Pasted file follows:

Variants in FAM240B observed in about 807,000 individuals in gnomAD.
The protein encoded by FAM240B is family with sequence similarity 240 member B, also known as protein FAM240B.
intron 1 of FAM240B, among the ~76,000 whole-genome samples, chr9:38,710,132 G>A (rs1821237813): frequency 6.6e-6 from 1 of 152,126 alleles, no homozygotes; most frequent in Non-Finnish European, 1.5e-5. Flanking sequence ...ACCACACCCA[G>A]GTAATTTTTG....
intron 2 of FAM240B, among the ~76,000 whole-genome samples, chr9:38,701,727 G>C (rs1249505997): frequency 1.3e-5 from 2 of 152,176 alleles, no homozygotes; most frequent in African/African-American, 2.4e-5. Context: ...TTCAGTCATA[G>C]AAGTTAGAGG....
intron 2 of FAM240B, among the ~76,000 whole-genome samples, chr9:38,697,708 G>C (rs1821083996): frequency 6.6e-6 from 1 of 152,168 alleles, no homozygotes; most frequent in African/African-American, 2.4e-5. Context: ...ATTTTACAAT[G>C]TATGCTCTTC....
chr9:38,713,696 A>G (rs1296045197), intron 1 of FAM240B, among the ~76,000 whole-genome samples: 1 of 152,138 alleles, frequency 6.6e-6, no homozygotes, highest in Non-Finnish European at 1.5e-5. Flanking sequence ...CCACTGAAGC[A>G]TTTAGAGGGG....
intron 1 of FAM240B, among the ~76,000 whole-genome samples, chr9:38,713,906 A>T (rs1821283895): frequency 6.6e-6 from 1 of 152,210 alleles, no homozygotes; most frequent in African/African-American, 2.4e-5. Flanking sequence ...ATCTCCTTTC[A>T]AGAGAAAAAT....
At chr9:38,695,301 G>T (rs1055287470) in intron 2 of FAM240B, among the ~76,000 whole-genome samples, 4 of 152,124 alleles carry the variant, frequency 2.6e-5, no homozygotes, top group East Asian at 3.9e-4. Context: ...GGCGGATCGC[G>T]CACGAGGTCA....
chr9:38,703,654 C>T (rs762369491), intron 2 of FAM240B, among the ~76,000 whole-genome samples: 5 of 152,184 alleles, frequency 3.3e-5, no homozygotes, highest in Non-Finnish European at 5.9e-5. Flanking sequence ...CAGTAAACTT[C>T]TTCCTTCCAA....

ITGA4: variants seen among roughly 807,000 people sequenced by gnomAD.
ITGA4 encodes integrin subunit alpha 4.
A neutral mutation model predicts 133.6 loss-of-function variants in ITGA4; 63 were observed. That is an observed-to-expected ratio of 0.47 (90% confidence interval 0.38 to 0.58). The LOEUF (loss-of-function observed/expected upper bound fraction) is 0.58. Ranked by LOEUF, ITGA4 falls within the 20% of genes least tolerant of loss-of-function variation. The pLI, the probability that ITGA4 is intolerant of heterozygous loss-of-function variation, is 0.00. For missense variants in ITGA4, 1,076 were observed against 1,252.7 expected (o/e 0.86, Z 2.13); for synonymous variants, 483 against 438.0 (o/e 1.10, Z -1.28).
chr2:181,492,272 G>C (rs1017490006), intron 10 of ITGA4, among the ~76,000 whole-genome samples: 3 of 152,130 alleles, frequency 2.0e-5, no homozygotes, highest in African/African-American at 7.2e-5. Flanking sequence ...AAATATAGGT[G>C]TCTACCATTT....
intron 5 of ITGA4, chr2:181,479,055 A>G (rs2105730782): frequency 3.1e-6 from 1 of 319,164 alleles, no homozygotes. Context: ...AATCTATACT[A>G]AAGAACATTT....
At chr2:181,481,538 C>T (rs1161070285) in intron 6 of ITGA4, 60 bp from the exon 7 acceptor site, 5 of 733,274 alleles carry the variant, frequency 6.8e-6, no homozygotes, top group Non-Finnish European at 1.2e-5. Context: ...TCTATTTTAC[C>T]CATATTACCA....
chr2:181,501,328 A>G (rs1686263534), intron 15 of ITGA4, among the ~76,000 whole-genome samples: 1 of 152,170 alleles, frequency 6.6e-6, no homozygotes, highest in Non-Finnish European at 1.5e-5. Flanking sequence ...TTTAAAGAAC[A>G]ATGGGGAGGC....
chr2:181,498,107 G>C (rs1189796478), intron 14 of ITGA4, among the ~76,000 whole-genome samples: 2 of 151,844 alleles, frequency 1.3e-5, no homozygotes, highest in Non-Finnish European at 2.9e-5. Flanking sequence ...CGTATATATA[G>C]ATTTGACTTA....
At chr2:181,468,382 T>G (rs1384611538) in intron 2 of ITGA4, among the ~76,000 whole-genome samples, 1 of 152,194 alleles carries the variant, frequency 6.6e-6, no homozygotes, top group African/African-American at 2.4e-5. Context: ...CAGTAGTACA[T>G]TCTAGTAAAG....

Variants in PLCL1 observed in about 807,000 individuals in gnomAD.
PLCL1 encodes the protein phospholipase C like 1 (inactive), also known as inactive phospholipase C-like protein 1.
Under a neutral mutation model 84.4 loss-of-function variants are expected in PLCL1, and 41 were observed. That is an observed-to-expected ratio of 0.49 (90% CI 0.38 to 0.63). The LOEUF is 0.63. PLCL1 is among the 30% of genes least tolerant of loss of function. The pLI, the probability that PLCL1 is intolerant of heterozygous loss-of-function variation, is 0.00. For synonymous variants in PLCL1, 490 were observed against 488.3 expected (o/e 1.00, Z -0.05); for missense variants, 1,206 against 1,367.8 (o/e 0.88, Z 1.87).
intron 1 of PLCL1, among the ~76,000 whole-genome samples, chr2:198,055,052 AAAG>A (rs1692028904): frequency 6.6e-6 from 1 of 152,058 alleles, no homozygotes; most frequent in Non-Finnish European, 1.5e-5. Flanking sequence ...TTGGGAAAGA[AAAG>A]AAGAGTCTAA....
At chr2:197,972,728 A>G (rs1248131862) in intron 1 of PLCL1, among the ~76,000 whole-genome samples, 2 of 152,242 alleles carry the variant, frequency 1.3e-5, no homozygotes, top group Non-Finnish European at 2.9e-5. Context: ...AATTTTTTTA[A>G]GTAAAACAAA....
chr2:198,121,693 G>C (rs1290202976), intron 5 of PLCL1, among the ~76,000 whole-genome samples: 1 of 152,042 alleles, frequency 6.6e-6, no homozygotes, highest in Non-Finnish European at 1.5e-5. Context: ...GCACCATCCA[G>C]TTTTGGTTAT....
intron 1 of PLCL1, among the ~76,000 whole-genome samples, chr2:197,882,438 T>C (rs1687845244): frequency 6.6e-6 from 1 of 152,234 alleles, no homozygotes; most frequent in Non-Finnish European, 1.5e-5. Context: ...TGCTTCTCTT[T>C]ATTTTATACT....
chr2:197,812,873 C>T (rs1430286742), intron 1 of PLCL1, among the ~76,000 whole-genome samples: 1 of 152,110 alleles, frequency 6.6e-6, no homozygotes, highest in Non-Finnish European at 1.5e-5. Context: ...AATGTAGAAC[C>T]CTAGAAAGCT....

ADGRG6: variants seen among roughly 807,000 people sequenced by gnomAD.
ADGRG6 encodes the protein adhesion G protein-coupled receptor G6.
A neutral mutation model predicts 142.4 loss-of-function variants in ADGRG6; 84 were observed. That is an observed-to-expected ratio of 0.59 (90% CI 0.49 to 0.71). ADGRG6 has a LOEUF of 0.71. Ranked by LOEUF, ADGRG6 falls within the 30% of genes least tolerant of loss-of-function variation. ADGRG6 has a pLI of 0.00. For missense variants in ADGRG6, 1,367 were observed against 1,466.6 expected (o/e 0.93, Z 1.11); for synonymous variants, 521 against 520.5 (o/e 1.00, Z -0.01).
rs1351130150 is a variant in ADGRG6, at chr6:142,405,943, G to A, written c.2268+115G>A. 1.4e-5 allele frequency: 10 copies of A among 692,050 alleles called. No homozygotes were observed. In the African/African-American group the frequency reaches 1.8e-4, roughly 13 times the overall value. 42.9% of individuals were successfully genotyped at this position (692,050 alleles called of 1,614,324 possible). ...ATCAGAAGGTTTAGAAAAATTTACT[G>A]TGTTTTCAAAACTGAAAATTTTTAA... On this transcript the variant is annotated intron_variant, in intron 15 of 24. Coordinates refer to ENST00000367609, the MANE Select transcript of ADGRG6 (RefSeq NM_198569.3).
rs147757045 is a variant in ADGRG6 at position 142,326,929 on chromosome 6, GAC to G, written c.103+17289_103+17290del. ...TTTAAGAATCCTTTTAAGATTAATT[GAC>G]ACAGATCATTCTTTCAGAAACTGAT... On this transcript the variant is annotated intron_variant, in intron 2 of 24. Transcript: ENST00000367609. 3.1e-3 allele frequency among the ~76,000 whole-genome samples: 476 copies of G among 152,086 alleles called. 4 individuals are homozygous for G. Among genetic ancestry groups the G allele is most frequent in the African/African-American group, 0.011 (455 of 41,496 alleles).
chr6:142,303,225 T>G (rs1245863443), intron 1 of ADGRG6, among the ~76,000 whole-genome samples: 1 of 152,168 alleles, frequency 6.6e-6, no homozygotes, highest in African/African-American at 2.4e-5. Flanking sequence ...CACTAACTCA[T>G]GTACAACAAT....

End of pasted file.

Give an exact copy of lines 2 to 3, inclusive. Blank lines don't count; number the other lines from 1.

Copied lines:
The protein encoded by FAM240B is family with sequence similarity 240 member B, also known as protein FAM240B.
intron 1 of FAM240B, among the ~76,000 whole-genome samples, chr9:38,710,132 G>A (rs1821237813): frequency 6.6e-6 from 1 of 152,126 alleles, no homozygotes; most frequent in Non-Finnish European, 1.5e-5. Flanking sequence ...ACCACACCCA[G>A]GTAATTTTTG....